“Ever since fabulously wealthy Malcolm Doran walked into her life and swept her off her feet, fledgling architect Jane Boyle has been living a fairy tale. When he proposes with a stunning diamond to seal the deal, Jane can’t believe her incredible luck and decides to leave her Paris-based job to make a new start with Malcolm in New York.
But when Malcolm introduces Jane to the esteemed Doran clan, one of Manhattan’s most feared and revered families, Jane’s fairy tale takes a darker turn. Soon everything she thought she knew about the world–and herself–is upended. Now Jane must struggle with newfound magical abilities and the threat of those who will stop at nothing to get them.”
I wasn’t a big fan of the television series, but this source book makes the adaptation look genius in circumspect.
I’m sure fans of the book would disagree. Save for the names of Malcolm and Jane, nothing from the book survives to the series. Well, maybe bits about Jane’s lineage. But the book and the defunct television series are definitely two very different things, who just happens that share the same title. And maybe two characters.
666 Park Avenue is a supernatural romance novel that seems to be bent on having a point. About women empowerment, maybe. But it’s not clear. The whole time we’re following Jane Boyle, our main character, she just seems to be very self-centered.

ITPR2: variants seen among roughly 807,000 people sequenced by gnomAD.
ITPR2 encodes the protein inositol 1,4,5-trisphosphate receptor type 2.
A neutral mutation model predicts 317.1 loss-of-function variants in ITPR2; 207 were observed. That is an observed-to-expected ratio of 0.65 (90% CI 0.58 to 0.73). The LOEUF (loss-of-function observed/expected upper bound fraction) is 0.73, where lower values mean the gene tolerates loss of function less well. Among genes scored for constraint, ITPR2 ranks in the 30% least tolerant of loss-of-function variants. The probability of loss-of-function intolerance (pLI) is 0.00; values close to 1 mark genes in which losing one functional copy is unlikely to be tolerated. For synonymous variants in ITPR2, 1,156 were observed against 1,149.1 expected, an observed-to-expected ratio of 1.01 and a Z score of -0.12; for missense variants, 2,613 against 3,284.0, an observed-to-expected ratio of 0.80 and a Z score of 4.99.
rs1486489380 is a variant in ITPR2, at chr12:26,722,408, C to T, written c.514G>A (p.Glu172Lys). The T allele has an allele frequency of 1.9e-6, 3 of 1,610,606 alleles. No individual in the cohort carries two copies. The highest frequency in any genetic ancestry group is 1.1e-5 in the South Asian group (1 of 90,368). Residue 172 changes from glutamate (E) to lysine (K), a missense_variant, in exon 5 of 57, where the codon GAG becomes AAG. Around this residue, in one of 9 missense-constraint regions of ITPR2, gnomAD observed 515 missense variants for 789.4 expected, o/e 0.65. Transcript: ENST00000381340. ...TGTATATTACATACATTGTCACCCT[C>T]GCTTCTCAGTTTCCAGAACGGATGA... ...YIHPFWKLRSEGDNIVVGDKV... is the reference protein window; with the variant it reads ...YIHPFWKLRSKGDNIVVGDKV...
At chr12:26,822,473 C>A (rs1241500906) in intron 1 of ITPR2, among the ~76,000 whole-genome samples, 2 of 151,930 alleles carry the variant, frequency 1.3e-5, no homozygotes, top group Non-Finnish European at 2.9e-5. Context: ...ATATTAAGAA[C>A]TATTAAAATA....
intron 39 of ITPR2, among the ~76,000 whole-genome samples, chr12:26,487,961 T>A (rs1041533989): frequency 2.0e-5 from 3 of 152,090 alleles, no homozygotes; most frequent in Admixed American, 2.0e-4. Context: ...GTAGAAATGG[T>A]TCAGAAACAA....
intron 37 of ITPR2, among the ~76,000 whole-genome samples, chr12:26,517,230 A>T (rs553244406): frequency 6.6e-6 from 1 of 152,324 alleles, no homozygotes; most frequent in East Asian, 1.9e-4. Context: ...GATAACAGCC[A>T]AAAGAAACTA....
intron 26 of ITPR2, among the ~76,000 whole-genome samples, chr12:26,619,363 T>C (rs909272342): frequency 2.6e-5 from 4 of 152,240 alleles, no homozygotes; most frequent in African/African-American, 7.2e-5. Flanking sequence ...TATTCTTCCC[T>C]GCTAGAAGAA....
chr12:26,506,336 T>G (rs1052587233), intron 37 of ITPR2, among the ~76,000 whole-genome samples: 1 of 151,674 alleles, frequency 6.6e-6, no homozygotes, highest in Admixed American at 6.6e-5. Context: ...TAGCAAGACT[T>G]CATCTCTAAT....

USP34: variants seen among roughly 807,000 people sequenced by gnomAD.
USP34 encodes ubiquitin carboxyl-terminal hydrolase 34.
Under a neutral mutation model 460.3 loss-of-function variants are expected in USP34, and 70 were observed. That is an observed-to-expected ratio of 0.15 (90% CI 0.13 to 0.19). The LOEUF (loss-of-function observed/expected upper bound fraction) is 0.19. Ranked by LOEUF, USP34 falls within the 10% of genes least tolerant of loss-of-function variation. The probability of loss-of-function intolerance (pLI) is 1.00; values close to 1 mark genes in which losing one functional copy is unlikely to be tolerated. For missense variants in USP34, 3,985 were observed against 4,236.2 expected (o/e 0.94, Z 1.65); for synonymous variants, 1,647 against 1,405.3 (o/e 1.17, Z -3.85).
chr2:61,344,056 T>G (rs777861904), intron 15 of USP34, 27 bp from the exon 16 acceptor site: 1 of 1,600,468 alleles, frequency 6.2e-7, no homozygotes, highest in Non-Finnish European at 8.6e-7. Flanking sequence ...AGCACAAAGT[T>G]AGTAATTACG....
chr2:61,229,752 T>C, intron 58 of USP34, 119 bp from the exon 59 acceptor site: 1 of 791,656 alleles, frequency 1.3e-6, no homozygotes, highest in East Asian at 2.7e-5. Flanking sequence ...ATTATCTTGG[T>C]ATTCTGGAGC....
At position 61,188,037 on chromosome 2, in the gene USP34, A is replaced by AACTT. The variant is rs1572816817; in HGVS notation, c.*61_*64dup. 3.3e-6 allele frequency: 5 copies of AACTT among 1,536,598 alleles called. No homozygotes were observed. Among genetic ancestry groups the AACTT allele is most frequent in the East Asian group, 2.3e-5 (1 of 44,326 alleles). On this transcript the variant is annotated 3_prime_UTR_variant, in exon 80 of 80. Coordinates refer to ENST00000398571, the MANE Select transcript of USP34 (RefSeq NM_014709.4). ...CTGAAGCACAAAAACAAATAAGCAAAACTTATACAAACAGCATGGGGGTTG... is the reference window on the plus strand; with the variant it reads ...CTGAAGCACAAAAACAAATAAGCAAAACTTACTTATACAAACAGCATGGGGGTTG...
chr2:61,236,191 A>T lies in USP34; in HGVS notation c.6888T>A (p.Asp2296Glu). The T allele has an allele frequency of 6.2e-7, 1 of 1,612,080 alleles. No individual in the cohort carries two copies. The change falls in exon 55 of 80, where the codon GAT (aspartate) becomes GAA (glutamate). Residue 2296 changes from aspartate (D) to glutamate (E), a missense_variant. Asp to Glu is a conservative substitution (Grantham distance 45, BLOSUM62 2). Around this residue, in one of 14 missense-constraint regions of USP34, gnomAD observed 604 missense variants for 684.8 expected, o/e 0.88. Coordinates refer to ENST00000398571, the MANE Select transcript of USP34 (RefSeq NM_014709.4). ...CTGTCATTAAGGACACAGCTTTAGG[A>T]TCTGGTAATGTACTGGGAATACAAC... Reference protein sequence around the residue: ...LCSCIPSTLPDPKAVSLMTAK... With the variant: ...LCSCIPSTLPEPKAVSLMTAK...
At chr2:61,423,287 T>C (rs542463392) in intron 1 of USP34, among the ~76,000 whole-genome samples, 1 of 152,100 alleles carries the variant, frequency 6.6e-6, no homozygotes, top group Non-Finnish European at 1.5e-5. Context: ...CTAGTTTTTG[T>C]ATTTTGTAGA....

Yes, we do get a lot of instances where Jane is said to care about her friends, and the other people around her. But that’s the point. It’s just said. She does maybe three good things throughout the book, juxtaposed to the many times she’s complaining about her soon-to-be mother-in-law, or worrying about keeping her secret.
Oh yes, why don’t we talk about the secret.
Now, for the spoilerphobes, what I’m about to say is not a spoiler. Contrary to what the book’s synopsis says, Jane learns fairly early on that she’s a witch. And she’s not just any kind of witch. She’s the fabulous socialite type. Not familiar with that kind? Well, neither was I before I read this book.
Come to think of it, I’m still not sure what kind of witch Jane is, a few days after I’ve finished reading. Author Gabriella Pierce relies on readers’ stock knowledge of witches, focusing instead on the mythology of seven sisters–which is neither fully explained nor fully explored.
Basically, witches are a greedy bunch. Except for our three good guys. And maybe one not so good guy who doesn’t have powers to begin with.
If there’s anything good I can say about this book, it’s this: it’s an easy read, in that you don’t have to think hard about what’s going on. You can just go along with the ride. Unfortunately, nothing sticks with you afterwards.
This is not a book that changes perception, much less lives. It’s something to simply pass the time.